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Analysts puzzled over GDP shock figures

Thursday, March 13 12:32:09

Analysts and commentators this morning sought to make sense of the latest headline GDP figures showing a shock 2.3pc decline in the fourth quarter from the previous three months as imports surged and consumer spending fell.

At a headline level, GDP disappointed, decreasing by 0.3pc in 2013, while GNP rose by 3.4pc - a divergence which, according to Investec's Philip O'Sullivan, hints at the extent to which Irish national accounts data can be skewed by sector-specific issues in the large multinational sector.

"On this point, it is important to note that were it not for the drag from a fall in aircraft purchases (which we estimate shaved c. 1pc from GDP) and 'patent cliff' pressures in the pharma sector GDP would have increased last year. In Q4 2013 GDP fell 2.3pc q/q in volume terms while GNP expanded by 0.2pc q/q," he said.

The big surprise within this release is that the data show no improvement in personal consumption over 2013, with a 1.1pc decline recorded for the full year and declines of 0.6pc q/q and 1.1pc y/y recorded in Q4.

Retail sales data had pointed to an improvement (for 2013 as a whole retail sales volumes rose 0.7pc y/y and by 0.8pc y/y if the volatile motor trade component is excluded), particularly in the second half of the year, Mr O'Sullivan noted.

Ibec today said that the latest CSO data on economic growth are somewhat puzzling given the resurgence in employment, as well as business and consumer confidence.

Commenting on the latest CSO figures, Ibec's Head of Policy and Chief Economist, Fergal O'Brien said: "It is a bit of a puzzle that the GDP numbers are so disappointing at a time when economic recovery is clearly taking hold. The Q4 data doesn't fit with either the 60,000 jobs growth number last year, or the strong improvement in business and consumer confidence. The pharma patent cliff is a significant factor in the export data, but it was particularly disappointing to see that the consumer spending numbers were so weak. We know that retail had recovered in Q4 and we also know that other consumer sectors, such as hospitality, performed strongly last year, so it is surprising that overall consumer spending was so weak."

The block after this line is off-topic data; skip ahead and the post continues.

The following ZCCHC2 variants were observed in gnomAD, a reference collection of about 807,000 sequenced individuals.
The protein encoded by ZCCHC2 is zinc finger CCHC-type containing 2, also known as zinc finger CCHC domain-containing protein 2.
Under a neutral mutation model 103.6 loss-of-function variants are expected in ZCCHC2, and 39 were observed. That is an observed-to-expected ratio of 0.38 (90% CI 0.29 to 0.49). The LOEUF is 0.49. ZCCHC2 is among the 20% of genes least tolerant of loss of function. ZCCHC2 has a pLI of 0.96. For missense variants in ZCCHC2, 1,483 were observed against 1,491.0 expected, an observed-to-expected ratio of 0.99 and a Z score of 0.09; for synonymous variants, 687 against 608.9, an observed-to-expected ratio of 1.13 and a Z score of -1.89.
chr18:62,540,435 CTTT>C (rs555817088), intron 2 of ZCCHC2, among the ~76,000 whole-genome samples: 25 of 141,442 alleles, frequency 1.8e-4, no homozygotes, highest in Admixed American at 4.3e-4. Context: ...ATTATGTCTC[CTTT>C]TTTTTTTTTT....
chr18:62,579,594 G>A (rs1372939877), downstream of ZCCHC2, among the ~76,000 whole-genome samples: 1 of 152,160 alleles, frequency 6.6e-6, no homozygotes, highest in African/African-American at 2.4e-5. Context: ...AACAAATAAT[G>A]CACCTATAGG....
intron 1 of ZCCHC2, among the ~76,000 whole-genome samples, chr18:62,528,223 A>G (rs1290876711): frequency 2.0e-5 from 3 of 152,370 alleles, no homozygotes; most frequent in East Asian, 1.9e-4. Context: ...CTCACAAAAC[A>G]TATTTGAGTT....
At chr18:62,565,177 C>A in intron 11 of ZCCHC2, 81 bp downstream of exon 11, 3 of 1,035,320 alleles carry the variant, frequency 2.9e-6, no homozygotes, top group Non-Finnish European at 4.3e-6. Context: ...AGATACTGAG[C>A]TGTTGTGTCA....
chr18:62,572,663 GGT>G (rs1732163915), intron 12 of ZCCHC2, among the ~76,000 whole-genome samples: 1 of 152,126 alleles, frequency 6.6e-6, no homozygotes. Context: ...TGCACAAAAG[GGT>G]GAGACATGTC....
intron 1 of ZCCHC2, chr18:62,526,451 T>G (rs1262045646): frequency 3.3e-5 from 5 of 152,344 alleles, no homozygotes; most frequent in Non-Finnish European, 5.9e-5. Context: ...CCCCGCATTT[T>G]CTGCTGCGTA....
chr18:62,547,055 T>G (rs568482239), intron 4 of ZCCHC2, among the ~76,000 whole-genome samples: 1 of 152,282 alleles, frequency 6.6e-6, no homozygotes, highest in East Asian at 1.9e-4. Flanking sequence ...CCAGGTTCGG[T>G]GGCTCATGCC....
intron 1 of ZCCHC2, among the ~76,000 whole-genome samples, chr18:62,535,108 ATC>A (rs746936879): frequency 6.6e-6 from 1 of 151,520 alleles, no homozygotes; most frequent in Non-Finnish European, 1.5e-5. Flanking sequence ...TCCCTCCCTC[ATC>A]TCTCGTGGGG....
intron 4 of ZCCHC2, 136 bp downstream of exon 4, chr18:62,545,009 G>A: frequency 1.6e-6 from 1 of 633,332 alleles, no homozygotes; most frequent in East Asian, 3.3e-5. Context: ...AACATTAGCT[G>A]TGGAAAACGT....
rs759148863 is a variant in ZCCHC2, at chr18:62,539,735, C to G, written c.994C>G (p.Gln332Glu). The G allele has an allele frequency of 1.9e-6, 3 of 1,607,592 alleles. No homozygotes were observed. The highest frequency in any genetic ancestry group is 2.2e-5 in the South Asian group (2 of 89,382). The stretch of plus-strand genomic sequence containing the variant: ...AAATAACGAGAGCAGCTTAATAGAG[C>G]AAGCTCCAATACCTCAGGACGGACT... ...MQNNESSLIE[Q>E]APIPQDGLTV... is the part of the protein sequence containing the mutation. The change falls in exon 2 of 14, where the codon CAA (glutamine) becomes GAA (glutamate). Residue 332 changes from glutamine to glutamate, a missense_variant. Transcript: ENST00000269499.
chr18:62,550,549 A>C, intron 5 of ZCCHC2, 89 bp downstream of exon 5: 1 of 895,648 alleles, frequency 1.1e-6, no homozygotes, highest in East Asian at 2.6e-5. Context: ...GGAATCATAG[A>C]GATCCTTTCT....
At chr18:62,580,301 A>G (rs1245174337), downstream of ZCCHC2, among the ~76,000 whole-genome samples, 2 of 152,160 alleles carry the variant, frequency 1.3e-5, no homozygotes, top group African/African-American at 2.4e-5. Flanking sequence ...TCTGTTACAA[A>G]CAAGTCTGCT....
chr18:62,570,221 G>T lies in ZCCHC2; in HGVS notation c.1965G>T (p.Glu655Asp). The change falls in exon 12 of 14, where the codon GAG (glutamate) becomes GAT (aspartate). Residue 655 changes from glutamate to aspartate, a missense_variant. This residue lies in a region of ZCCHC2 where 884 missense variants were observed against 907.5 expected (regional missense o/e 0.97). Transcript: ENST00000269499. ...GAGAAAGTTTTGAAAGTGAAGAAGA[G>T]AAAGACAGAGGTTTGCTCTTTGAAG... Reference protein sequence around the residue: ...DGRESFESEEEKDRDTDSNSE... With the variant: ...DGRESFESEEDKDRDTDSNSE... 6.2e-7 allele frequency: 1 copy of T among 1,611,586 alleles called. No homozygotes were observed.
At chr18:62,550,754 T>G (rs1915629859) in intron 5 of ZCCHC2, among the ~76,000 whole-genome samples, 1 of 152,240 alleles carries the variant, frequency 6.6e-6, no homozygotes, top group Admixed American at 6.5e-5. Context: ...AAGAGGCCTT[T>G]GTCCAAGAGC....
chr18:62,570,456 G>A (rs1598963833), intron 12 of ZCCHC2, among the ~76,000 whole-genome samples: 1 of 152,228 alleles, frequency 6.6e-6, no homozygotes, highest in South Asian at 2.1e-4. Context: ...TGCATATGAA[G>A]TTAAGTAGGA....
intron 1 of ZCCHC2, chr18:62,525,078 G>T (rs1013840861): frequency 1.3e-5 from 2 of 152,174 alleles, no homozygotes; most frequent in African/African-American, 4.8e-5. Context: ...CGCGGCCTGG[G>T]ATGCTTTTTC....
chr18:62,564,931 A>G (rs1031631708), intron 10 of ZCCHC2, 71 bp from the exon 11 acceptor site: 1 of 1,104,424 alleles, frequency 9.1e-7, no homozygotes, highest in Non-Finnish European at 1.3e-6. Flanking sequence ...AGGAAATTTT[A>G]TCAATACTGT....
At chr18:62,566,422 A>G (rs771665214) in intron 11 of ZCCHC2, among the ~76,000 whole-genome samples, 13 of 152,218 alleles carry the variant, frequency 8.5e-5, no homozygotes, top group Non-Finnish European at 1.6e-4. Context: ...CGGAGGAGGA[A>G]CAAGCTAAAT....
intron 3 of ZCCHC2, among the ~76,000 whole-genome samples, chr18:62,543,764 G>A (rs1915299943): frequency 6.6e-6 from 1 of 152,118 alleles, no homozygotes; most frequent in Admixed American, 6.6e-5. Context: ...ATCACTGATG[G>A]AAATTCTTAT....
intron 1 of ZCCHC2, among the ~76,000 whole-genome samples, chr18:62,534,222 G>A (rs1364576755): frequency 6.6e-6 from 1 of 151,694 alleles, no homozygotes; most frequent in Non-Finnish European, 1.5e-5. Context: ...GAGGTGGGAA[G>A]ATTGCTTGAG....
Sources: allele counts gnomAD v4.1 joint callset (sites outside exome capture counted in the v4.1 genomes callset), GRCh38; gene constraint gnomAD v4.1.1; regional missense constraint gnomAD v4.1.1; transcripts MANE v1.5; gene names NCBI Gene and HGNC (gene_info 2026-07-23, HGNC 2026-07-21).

"The main positive in the latest data is the recovery in investment. Looking to 2014 we strongly believe that the recent economic resurgence will be reflected in the official data over the coming quarters and that GDP will grow by close to 3pc this year. Indeed, the weak base performance from the 2013 data could well provide an upside possibility to our 2014 forecast. The economy is clearly recovering but domestic spending needs a further shot in the arm - the best way to do that is to increase consumer spending power by cutting taxes."

Davy's analysts were equally puzzled.

"Irish national accounts data released today show a 0.3pc fall in GDP in 2013 but a 3.4pc rise in GNP. This puzzling divergence is explained by the pharmaceutical patent cliff, hurting multinational sector profits which are down 17pc. We believe the 3.4pc rise in GNP provides the best picture of the positive underlying trends in the Irish economy, evident in strong jobs growth and PMI surveys of business activity," said Conall Mac Coille of Davy Research.